The maestros behind Meghan’s ‘messy bun’
Graham Northwood has created her signature style along with Serge Normant who was in charge of her low chignon for the wedding ceremony
The stylist responsible for Meghan’s evening wedding-party hair was George Northwood, a 39-year-old superstar of the hairdressing world.
Eleven years ago, he began chipping away at the ends of his friend Alexa Chung’s long tresses, ultimately shaping them into a “bed-head bob” that became one of the most-googled haircuts of the century. At the height of the Chung hair frenzy, he was seeing 18 clients a day and got RSI in his thumbs.
There have been at least half-a-dozen iterations of the “Messy Meghan Bun” so far, including Saturday night’s charmingly “undone” up-do, a nicely judged contrast with Serge Normant’s magnificent, tiara-friendly structure for the wedding ceremony and breakfast.
And according to the stylist who did the low chignon which she wore to walk down the aisle, Normant, she has been a dream to work with. Normant told reporters that they only did one hair trial before the big day.
In addition, the actual style itself took less than an hour to complete. Which, for an event watched by millions across the globe, was an amazing feat but was thoroughly in line with the new royal’s clean, simple style.
And here’s the thing: since the Messy Bun debuted in January, when Harry and Meghan visited a Brixton radio station (the acme of royal style dilemmas: how to look dignified but down with the people), it has become the most searched-for hair term on Pinterest. So the fact she incorporated it into the wedding day may be some kind of statement of intent.
When I catch up with Northwood, he is far too discreet to tell me whether he has been behind Meghan’s previous Messy Buns – but I’d be amazed if he wasn’t. They bear all his hallmarks: centre parting, a few strategically dislodged strands to frame the cheekbones, faintly tongued, they look as though the breeze was responsible; a light gauze of Sam McKnight hairspray, and backcombing only nerds would notice – not to create a helmet but to give the head a flattering upward tilt and make the neck look longer.
It seems simple but is steeped in skill, featuring a repertoire of increasingly twisty chignons, from the “did-she-do-it-herself?” to “pulling-out-the-stops”.
Meghan’s choice of Northwood, an engaging, dimple-cheeked Londoner (he was brought up in Bedfordshire but lives in Queen’s Park, west London), for her party hair is telling.
Her new sister-in-law was a regular, even in her 20s, at Richard Ward, an upholder of big, bouncy, Mayfair blow-dries.
The Duchess of Cambridge subsequently engaged Amanda Cook Tucker to tame her mane into the kind of sculpted, never-a-hair-out-of-place structures beloved by many of Europe’s female crowned heads (favourite tool: the hairnet).
It is don’t-rock-the boat, Queen-in-waiting hair.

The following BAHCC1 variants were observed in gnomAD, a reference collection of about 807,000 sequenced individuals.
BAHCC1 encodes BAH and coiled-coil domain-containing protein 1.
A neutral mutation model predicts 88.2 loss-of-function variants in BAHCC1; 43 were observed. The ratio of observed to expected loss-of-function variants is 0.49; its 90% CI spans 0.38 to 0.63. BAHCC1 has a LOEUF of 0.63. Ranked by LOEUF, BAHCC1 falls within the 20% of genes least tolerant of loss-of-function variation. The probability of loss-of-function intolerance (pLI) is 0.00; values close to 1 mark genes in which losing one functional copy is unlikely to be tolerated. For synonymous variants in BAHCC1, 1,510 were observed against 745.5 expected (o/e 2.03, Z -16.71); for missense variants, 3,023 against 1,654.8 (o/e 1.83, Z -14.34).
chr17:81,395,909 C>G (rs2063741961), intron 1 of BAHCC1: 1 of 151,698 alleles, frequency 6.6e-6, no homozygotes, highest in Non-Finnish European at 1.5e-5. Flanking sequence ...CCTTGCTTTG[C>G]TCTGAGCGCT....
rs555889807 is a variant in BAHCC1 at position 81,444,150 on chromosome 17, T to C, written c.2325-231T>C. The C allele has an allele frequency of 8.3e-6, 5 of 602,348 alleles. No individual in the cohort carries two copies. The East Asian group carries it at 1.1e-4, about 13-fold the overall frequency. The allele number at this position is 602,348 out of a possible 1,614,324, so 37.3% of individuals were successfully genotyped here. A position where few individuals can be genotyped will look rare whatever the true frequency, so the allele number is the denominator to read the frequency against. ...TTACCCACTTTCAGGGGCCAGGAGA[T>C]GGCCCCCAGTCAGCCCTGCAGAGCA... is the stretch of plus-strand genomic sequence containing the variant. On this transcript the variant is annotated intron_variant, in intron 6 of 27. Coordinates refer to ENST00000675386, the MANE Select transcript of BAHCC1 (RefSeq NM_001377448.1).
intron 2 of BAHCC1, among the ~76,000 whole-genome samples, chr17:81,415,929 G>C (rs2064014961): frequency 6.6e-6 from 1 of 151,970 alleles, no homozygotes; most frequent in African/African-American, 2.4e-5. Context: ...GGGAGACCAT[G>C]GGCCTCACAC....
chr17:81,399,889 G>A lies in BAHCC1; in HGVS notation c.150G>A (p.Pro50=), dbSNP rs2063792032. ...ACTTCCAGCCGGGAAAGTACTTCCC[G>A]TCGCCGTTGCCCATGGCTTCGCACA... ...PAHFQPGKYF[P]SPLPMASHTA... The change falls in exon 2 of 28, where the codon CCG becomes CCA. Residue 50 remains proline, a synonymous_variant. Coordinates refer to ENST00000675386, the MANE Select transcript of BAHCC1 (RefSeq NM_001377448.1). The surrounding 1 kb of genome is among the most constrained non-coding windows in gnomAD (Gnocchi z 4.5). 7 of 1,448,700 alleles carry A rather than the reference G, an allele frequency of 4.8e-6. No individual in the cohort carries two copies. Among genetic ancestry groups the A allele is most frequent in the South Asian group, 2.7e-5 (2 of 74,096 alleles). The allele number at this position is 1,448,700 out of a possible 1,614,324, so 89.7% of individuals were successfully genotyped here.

In marked contrast, Northwood, with a buzzy, quasi industrial looking salon in Fitzrovia, is a darling of the fashion set, only fluent in the language of editorial hair (the kind seen on catwalks and in magazines).
Northwood also understands the semiotics of a hair-do, and how much it can communicate, particularly when the client in question is constrained in what she can say publicly.
Meghan’s decision to go with him raises the interesting possibility that even post-marriage, she intends to strike a different note in the regal choir. I doubt we’ll be seeing a Markle mohawk any time soon. We’re talking nuances, but important ones. Northwood’s Messy Bun tells us that Meghan is determined not to slip out of the fashion hemisphere, even while she respects The Firm’s rules.
She may now be bound more tightly by protocol than the average stylish 36-year-old, but the signs are she plans to use all the wriggle room she has. She has an identity and she doesn’t want it completely subsumed in that of her new family. That’s not a bad lesson for generations of wannabe princesses.
If she continues her hair journey with Northwood, she’ll have found a trusty ally. Like her, he works within a framework – the limitations of his clients’ hair and their styling abilities at home.
“My nan was a hairdresser and a devoted monarchist,” he says. “I was fascinated by the relationships she had with her clients.”
He has her name, Tess, and that of his three other grandparents, tattooed on his fingers.
Back in his grandmother’s glory years, in the ’60s and ’70s, perms and blow-dries ruled.
“I grew up with the smell of perm lotion permeating everything,” he adds. “The cut was secondary. My mum would walk out of the salon with this amazing bouff, but for the next five weeks it would look diabolical, because she couldn’t recreate it at home.”
He always knew he wanted to be a hairdresser – to free women from all that hair anxiety – although he played the piano and went to drama school initially.
“The piano was tough. Hairdressing came naturally. But I wasn’t ready to ‘come out’ at 18 and I thought hairdressing would give me away as gay,” he explains.
Still, the dramatic training came in handy.
“In a way, I’m having to perform.”
When he started out, working in Bristol, there was a lot of boundary-stretching. It was the early noughties and hair everywhere was being ironed.
“I don’t think there were any curling tongs in the city,” Northwood laughs. He began scrunching, twisting and liberating hair from its limp straitjacket.
His cheery openness is remarkably contagious. It’s probably why Julianne Moore, Alicia Vikander and Rachel Weisz want him for their red carpet appearances – that and his knack for creating a universally appealing glamour that is rooted in an artless, apparently effortless, very British sensibility.
The new Duchess of Sussex has chosen well. – The Daily Telegraph